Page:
The Kindergarten Transition

A year ago today, my first baby, Amalia, started Kindergarten. I was so worried about my tiny little girl getting on that big yellow bus but, as you can see in the photo above, she hopped on with her friends and never looked back. At that moment I thought we were good to go, but boy was I wrong! Day one went great, week one went great. She loved her teacher, loved meeting new friends, and loved the new routine.

But after a few weeks passed, we started seeing signs of anxiety and fear at home. And they were… intense. To protect her privacy we’ve decided to keep the details private but I will tell you that it was uncharted territory for us as parents and watching her go through it was not easy.

At school, she was a dream. We got reports from her teacher that she was thriving, listening, and learning well. I believe her words were that she was “a delight” to have in class. Anel and I were shocked because she was the opposite of a delight at home.

After talking to teachers and moms all over the country, I learned that this is not uncommon. Going to “real” school is a big change, even if your kid is in daycare or preschool. Every child responds to change differently, so take or leave my advice, but here are a few tips that I wish I had known before we started Kindergarten.

1. Establish a consistent morning routine: We had a great daycare routine down but the bus schedule changed our timeline and therefor the entire routine. We got into a good groove after a few weeks but this could have started earlier. I recommend packing snacks/lunches the night before and pack up your kid’s backpack before they wake up if possible. We also always pick out outfits before bed so it’s one less thing to worry about in the morning. This might sound insane to do so much night-prep but I’ve found that it alleviates a lot of stress before getting out the door.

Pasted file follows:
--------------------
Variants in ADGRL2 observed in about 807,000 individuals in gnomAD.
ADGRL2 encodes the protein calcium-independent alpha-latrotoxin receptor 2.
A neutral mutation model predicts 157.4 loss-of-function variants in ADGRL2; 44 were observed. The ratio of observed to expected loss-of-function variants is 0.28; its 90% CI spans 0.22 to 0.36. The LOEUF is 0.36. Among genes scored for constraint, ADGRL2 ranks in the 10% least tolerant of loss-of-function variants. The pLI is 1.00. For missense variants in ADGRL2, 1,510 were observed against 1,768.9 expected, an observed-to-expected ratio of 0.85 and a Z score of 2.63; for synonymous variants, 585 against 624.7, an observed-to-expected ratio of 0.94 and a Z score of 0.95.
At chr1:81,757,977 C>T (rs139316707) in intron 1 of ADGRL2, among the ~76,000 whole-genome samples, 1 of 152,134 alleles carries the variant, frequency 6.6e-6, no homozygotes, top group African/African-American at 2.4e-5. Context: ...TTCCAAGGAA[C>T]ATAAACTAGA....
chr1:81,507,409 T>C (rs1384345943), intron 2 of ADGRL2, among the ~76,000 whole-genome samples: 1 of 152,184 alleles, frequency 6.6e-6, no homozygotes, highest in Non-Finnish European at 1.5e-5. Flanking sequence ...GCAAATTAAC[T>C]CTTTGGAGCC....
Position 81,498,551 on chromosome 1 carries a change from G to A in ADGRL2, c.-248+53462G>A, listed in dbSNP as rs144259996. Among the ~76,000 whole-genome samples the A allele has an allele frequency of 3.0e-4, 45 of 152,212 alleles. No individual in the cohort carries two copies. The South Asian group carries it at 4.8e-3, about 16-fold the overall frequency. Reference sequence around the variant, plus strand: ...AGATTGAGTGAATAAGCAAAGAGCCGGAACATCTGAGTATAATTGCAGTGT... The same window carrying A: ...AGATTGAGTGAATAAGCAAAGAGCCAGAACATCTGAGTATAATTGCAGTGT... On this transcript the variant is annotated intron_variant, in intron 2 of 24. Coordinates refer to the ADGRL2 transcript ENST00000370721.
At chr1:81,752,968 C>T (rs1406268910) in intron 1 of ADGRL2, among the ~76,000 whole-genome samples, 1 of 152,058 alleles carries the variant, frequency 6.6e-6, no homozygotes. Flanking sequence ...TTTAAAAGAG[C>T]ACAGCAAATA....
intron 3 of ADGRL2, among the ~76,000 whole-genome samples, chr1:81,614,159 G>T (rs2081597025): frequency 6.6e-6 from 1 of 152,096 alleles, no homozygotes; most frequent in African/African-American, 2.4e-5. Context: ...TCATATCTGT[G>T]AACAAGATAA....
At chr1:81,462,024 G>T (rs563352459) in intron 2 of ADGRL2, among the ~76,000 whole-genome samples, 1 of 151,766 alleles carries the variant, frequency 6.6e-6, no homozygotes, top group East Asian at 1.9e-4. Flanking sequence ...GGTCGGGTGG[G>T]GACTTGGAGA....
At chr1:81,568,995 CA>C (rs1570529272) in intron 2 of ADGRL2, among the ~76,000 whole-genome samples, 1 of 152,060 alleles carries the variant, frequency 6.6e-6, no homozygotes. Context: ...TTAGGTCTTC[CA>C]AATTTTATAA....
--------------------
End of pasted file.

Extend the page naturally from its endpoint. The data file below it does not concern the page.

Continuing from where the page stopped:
Our morning routine consists of waking up, brushing teeth, getting dressed, eating breakfast, a few minutes of playing, then out the door. When we prep things at night, I don’t have to run around like a madwoman packing food and backpacks for both kids.

2. Spend extra time at the end of the day: For the first few days, if it’s possible with work schedules, try to have at least one parent spend some extra one-on-one time with your kid. Ask about school, do an activity, make them feel supported and loved in any way you can.

3. Read The Invisible String: The Invisible String is a beautiful children’s book about how we are all connected by love, even when we aren’t physically together. On mornings when Amalia was feeling sad to leave me, I would remind her that our invisible string is always connected. You can also get a necklace, bracelet, or small toy that can be a reminder of the string. Amalia had a necklace and I told her that if she touched it, I would feel her string and send mine back to her. This helped us a lot!

4. Set up playdates: Cultivating friendships outside of the classroom is great for many reasons but it seemed to help Amalia because she would get so excited to see the playdate friend the next day at school. It is also nice to mix home and school life so they feel more connected.

5. Visit the school: We visited her school’s playground before the first day of school to get her excited to play there at recess. During the first weeks of Kindergarten, we would go on the weekends as well to have her show us where she played the week before. I loved seeing her get excited to show us what she was up to during the day.

6. Give it time: Adjusting to any change takes time. When we were “in it” we felt like it would never end, but it did. Some kids take a few days, some take a few weeks, and in our case it took a few months. But once we got into that groove, it was amazing!